This isn’t the post I meant to do but, the two I have in the wings need a bit of explanation and I haven’t got time today. So, as I haven’t been around for a while and I didn’t want you to think I’d perhaps had a fainting fit and been crushed by cats and kittens and then eaten by dogs, I thought I’d reassure you I’m still alive and kicking with a bit of a quickie, picture heavy post.
By the way, don’t you just love the word ‘rummage’ – it sounds so English somehow, although somebody will probably tell me it derives from some far flung corner of the world but that won’t change my mind. I also like ‘cribbage’ and ‘pillage’ but wasn’t doing either of those on Sunday morning, it was definitely a ‘rummage’.
There have been few chances this year to fouiller (the French version of rummaging which is also a good word but devilishly hard to pronounce properly). If the vide greniers (empty attics/yard sales/boot sales) so far this year have not been too far away they have been rained off or ill attended by sellers or by me as I have woken up on several Sunday mornings the worse for wear. Nothing to do with the wine.
Anyway, last Sunday, there was a vide grenier within half an hour’s drive which also had the benefit of being in the village where some good friends of ours have a holiday house and they are ‘in residence’ at the moment, so I knew there would be a cup of coffee and a loo should desperation set in. Which it did. Twice.
These are some of the things I found amongst the used bath mats, second hand baby clothes and inexplicably popular albums full of bottle caps.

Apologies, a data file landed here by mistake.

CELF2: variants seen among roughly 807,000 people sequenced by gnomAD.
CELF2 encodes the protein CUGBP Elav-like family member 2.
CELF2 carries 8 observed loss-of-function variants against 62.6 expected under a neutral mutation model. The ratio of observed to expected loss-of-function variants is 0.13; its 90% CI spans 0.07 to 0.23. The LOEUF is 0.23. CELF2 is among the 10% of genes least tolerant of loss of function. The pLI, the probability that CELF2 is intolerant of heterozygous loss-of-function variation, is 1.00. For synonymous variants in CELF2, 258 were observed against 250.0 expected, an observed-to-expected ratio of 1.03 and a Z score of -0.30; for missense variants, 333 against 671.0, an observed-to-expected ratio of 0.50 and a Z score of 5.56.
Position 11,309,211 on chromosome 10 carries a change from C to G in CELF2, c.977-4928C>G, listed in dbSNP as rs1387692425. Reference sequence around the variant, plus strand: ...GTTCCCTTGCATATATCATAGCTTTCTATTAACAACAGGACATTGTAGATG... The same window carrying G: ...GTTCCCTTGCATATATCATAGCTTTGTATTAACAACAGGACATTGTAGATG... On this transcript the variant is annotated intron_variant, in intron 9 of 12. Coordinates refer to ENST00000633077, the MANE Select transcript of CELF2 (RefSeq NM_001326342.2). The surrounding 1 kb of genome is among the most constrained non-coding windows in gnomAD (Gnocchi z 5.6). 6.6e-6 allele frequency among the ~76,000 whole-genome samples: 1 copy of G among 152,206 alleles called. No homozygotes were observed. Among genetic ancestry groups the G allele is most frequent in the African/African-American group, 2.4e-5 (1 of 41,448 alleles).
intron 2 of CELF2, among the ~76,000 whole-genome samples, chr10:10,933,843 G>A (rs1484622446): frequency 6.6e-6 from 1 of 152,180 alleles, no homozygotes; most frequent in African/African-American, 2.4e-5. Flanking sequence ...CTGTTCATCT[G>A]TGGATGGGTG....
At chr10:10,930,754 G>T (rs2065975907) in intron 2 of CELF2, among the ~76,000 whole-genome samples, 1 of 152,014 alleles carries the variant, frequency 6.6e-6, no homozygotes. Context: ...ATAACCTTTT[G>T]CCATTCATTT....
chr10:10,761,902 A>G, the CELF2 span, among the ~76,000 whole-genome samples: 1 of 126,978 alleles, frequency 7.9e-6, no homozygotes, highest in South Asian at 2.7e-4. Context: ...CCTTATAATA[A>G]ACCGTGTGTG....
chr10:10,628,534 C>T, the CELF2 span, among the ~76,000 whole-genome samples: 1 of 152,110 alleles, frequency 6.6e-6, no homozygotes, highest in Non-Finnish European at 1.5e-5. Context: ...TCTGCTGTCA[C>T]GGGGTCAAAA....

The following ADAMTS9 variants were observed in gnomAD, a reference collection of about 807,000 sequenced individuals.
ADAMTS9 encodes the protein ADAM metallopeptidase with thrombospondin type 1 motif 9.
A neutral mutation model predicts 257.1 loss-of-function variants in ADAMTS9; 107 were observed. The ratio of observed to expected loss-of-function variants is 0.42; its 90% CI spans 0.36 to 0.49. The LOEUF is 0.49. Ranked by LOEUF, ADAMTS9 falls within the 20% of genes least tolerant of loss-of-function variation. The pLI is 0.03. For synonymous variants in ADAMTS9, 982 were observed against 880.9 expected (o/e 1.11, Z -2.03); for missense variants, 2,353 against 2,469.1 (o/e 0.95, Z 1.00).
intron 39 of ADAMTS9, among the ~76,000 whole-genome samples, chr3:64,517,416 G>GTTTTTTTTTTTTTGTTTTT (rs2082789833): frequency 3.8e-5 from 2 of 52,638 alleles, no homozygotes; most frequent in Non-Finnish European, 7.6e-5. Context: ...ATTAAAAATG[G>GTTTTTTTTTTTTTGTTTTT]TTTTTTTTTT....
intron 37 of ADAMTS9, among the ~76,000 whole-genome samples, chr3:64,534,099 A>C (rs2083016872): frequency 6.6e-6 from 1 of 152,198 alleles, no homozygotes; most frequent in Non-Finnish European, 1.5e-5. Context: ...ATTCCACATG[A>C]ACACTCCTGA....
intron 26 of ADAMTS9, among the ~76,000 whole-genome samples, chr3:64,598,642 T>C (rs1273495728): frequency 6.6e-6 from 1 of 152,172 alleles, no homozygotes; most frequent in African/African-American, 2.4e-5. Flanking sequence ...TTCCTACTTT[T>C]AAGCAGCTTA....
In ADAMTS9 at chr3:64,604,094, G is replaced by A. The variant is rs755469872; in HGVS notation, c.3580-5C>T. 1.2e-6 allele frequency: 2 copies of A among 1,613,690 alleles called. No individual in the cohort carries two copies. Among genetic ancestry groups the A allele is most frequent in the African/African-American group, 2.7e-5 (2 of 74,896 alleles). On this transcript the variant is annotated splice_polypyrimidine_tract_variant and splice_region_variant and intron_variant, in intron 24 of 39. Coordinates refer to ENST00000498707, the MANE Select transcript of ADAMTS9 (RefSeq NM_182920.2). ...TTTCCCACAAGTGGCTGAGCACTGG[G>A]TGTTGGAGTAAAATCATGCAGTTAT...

Who doesn’t need a sturdy set of hand forged butcher’s hooks? I did read somewhere that these are often mistaken for something called a ‘cherche’ which was used to lower down a well to retrieve buckets lost by previous water gatherers. I’m not entirely convinced. What do you think?
A beautiful turquoise soda syphon with the glass encased in a metal grid – this one copper coloured. Very art deco. The pewter top is marked as being from a Brasserie in Amiens which is in the Somme department of France.
A nice example of an Art Nouveau pewter vase signed L. Houzeaux.
Because everyone needs at least one French cutting board.
When I was in the U.K. recently I found I was rarely given a plate to eat from in restaurants – always an oversized rectangular piece of white ceramica, a slate tile, a wooden board or a conch shell. (I lied about the last one)
You won’t be surprised, especially as I had already bought the red transferware bowl in the top photograph – who could resist those birds? – if I tell you that Mr. Tialys , who usually accompanies me in the vain hope of finding leather working tools at these things, had to go back to the car at this point in order to make room in our bags and arms for more.
Which was just as well…….
this bowl weighs about 3kg.
I couldn’t resist this foxy piece which also weighs a ton but then it is supposed to be a doorstop
I’m pretty sure this is English though being that it represents a fox and a whip.
No leather working tools were to be found but Mr. T. did buy a bayonet knife which also serves as a belt knife. I do worry sometimes but ask no questions because if, in some dystopian future, we have to retreat into the mountains and live on our wits, at least we’ll have something with which to both defend and feed ourselves. That, and the machéte he bought on a previous outing.
Should I be worried?